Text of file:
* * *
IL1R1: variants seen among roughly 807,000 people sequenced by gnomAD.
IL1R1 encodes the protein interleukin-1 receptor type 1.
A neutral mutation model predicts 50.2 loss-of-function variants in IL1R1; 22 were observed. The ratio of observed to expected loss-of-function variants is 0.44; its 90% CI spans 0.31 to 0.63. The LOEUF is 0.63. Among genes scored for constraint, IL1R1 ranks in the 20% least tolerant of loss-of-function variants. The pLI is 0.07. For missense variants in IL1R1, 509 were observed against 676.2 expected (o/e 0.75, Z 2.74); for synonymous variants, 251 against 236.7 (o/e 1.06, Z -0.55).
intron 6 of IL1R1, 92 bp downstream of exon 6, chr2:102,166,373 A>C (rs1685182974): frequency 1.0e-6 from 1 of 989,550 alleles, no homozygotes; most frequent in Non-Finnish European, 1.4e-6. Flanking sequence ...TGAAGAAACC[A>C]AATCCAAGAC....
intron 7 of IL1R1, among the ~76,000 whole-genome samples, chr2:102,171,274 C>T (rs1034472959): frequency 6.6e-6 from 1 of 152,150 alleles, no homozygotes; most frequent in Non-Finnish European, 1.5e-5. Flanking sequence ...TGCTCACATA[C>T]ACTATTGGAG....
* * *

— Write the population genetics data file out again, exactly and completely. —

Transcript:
IL1R1: variants seen among roughly 807,000 people sequenced by gnomAD.
IL1R1 encodes the protein interleukin-1 receptor type 1.
A neutral mutation model predicts 50.2 loss-of-function variants in IL1R1; 22 were observed. The ratio of observed to expected loss-of-function variants is 0.44; its 90% CI spans 0.31 to 0.63. The LOEUF is 0.63. Among genes scored for constraint, IL1R1 ranks in the 20% least tolerant of loss-of-function variants. The pLI is 0.07. For missense variants in IL1R1, 509 were observed against 676.2 expected (o/e 0.75, Z 2.74); for synonymous variants, 251 against 236.7 (o/e 1.06, Z -0.55).
intron 6 of IL1R1, 92 bp downstream of exon 6, chr2:102,166,373 A>C (rs1685182974): frequency 1.0e-6 from 1 of 989,550 alleles, no homozygotes; most frequent in Non-Finnish European, 1.4e-6. Flanking sequence ...TGAAGAAACC[A>C]AATCCAAGAC....
intron 7 of IL1R1, among the ~76,000 whole-genome samples, chr2:102,171,274 C>T (rs1034472959): frequency 6.6e-6 from 1 of 152,150 alleles, no homozygotes; most frequent in Non-Finnish European, 1.5e-5. Flanking sequence ...TGCTCACATA[C>T]ACTATTGGAG....